This study identified several risk factors for tube shunt failure.
This study identified several risk factors for tube shunt failure. Photo: Justin Schweitzer, OD. Click image to enlarge.

When a glaucoma patient’s progression cannot be checked by medications, SLT and (if appropriate) MIGS, it’s time to call in the heavy artillery: tubes and trabs. These more powerful interventions are also more fraught with complications. Studies have suggested younger age, male gender, African descent, lower preoperative IOP and neovascular glaucoma are all predictors of tube shunt failure, but there is limited information regarding risk factors associated with surgery failure. Researchers recently sought to identify these risk factors in a pooled analysis.

A total of 621 patients with glaucoma were enrolled, including 276 patients from the Ahmed Baerveldt Comparison Study, 238 patients from the Ahmed Versus Baerveldt Study and 107 patients from the tube group of the Tube Versus Trabeculectomy Study.

Younger age was found to be a significant risk factor for tube shunt failure. Younger age is also a risk factor for failure of trabeculectomy surgery, most likely due to younger glaucoma patients tending to have higher rates of concomitant secondary or complex glaucoma, be more likely to have had previous surgery and be more likely to be Black, all of which are also known risk factors for filtration failure, the authors explained. They suggest it’s likely younger patients are at higher risk for tube shunt surgery for similar reasons.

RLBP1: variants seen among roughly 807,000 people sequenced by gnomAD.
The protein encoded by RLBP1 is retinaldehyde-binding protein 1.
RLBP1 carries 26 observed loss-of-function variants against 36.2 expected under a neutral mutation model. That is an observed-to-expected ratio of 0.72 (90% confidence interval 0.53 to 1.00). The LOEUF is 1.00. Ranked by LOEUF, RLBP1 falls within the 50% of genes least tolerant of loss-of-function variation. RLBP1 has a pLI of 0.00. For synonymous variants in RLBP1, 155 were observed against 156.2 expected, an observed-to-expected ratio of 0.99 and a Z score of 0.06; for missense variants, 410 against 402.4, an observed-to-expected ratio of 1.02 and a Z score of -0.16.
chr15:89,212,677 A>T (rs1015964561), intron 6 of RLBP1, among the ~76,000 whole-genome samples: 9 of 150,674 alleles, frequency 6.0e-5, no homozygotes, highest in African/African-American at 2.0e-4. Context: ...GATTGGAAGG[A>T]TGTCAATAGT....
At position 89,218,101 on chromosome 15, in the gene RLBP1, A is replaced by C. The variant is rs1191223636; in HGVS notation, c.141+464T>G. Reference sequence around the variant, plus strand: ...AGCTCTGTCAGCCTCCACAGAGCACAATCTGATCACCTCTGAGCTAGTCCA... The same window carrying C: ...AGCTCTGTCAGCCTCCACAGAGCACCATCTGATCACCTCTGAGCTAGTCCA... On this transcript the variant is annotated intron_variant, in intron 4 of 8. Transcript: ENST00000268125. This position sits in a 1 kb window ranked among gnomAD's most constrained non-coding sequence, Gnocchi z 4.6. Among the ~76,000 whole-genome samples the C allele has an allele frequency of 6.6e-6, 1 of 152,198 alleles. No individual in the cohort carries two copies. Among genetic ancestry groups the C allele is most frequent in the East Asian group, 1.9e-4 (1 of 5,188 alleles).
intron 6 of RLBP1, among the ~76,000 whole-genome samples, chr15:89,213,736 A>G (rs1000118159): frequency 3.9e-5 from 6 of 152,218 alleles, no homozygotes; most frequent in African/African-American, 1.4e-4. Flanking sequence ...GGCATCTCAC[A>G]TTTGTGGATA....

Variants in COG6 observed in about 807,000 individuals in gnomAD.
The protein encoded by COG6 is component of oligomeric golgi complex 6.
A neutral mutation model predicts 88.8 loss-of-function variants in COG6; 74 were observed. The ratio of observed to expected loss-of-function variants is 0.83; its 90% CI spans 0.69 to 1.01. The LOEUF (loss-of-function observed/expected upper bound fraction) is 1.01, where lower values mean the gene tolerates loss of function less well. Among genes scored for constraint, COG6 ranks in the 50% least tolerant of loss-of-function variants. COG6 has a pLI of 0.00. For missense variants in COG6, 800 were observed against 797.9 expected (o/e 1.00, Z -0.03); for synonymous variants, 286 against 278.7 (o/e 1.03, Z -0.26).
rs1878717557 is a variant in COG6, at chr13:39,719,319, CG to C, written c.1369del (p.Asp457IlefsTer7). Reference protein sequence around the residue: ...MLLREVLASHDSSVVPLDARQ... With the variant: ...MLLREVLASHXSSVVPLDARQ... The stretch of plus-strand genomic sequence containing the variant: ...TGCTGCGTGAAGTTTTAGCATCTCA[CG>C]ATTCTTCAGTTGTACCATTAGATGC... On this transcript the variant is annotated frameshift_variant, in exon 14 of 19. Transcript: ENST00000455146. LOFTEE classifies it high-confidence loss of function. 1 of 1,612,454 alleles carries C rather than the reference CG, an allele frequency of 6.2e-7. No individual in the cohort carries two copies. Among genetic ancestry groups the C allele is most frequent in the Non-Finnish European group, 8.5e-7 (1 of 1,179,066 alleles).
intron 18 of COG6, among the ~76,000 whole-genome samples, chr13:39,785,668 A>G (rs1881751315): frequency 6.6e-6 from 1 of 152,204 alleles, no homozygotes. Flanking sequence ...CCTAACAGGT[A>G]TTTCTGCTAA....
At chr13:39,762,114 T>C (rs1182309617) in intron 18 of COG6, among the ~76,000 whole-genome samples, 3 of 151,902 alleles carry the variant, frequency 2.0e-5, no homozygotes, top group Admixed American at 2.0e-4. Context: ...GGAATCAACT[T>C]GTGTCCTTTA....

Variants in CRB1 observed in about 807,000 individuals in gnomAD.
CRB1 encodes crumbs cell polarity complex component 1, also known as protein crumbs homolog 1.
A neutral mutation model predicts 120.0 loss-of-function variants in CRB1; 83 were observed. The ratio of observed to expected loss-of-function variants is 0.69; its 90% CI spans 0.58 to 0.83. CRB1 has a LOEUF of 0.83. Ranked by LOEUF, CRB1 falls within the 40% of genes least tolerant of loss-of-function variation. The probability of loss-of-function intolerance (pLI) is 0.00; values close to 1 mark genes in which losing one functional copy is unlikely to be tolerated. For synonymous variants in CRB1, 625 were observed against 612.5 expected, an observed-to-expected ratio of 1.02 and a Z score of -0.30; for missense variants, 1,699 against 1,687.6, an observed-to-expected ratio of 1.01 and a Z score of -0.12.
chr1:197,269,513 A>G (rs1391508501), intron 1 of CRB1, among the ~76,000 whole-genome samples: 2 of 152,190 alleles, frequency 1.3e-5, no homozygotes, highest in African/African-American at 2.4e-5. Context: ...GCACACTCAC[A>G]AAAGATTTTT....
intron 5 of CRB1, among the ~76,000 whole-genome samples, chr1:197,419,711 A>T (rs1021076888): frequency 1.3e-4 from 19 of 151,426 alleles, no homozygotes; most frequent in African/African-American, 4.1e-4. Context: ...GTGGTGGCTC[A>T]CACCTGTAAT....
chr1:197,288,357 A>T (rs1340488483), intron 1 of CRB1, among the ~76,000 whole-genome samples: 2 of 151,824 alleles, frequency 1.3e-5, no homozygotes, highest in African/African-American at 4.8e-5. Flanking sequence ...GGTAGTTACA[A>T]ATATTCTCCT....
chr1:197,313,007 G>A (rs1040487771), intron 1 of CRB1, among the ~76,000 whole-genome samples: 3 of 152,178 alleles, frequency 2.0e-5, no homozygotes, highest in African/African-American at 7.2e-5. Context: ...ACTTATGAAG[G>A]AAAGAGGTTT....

Neovascular glaucoma was another risk factor, which has been reported in previous studies. “The conjunctiva of patients with the diagnosis of neovascular glaucoma is typically inflamed and has a propensity for vigorous postoperative scarring around the implant and subsequent increased resistance across the fibrous capsule,” the authors explained. “This may lead to both a hypertensive phase in the months following surgery and subsequent surgical failure. Many patients with neovascular glaucoma had markedly elevated IOP and poor visual acuity preoperatively.

Lower preoperative IOP was also strongly associated with surgery failure. The Tube Versus Trabeculectomy Study and the Primary Tube Versus Trabeculectomy Study both found patients with lower preoperative IOP benefited most from trabeculectomy with mitomycin C over tube shunt surgery.

“Our study results also suggest that low IOPs are difficult to obtain with tube shunts. The higher failure rate among patients with preoperative IOP less than 21mm Hg was usually because a 20% reduction in IOP from baseline was not achieved,” the authors noted.

The cumulative probability of tube shunt failure was 38.3% at five years. Glaucoma experts have previously said that failure of tube shunts occurs at approximately 10% per year. The lower failure rate observed in this study may relate to the patient population, the authors suggested.

“It is noteworthy that nearly half of the patients enrolled in the Tube Versus Trabeculectomy Study had only prior cataract extraction as their qualifying ocular surgery,” the authors noted. “Modifications in implant design may also have contributed to a higher success rate in our study.”

Bowden EC, Choudhury A, Gedde SJ, et al. Risk factors for failure of tube shunt surgery: a pooled data analysis. Am J Ophthalmol. February 27, 2022. [Epub ahead of print].